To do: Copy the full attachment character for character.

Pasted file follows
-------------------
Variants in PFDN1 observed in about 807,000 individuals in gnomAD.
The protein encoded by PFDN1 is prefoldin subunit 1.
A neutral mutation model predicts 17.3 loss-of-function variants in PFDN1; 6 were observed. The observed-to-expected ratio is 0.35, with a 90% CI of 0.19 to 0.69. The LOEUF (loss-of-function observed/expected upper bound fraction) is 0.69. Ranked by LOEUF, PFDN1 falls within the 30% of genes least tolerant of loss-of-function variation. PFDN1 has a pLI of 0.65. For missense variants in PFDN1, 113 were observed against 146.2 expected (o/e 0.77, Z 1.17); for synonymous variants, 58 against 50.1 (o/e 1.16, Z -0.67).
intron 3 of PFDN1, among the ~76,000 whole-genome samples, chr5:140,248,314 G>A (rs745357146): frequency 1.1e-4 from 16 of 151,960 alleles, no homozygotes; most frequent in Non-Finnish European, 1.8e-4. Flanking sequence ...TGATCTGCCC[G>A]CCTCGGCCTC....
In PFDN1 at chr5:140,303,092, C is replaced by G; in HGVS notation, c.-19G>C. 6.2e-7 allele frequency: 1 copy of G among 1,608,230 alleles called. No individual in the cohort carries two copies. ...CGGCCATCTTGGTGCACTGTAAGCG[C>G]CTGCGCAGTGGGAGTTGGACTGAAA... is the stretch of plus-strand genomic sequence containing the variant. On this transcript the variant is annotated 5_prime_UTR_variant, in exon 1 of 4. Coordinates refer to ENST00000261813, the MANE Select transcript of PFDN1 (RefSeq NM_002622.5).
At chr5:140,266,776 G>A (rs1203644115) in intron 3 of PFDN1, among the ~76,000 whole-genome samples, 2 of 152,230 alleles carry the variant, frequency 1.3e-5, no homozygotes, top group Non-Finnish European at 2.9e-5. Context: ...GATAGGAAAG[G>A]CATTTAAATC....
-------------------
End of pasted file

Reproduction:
Variants in PFDN1 observed in about 807,000 individuals in gnomAD.
The protein encoded by PFDN1 is prefoldin subunit 1.
A neutral mutation model predicts 17.3 loss-of-function variants in PFDN1; 6 were observed. The observed-to-expected ratio is 0.35, with a 90% CI of 0.19 to 0.69. The LOEUF (loss-of-function observed/expected upper bound fraction) is 0.69. Ranked by LOEUF, PFDN1 falls within the 30% of genes least tolerant of loss-of-function variation. PFDN1 has a pLI of 0.65. For missense variants in PFDN1, 113 were observed against 146.2 expected (o/e 0.77, Z 1.17); for synonymous variants, 58 against 50.1 (o/e 1.16, Z -0.67).
intron 3 of PFDN1, among the ~76,000 whole-genome samples, chr5:140,248,314 G>A (rs745357146): frequency 1.1e-4 from 16 of 151,960 alleles, no homozygotes; most frequent in Non-Finnish European, 1.8e-4. Flanking sequence ...TGATCTGCCC[G>A]CCTCGGCCTC....
In PFDN1 at chr5:140,303,092, C is replaced by G; in HGVS notation, c.-19G>C. 6.2e-7 allele frequency: 1 copy of G among 1,608,230 alleles called. No individual in the cohort carries two copies. ...CGGCCATCTTGGTGCACTGTAAGCG[C>G]CTGCGCAGTGGGAGTTGGACTGAAA... is the stretch of plus-strand genomic sequence containing the variant. On this transcript the variant is annotated 5_prime_UTR_variant, in exon 1 of 4. Coordinates refer to ENST00000261813, the MANE Select transcript of PFDN1 (RefSeq NM_002622.5).
At chr5:140,266,776 G>A (rs1203644115) in intron 3 of PFDN1, among the ~76,000 whole-genome samples, 2 of 152,230 alleles carry the variant, frequency 1.3e-5, no homozygotes, top group Non-Finnish European at 2.9e-5. Context: ...GATAGGAAAG[G>A]CATTTAAATC....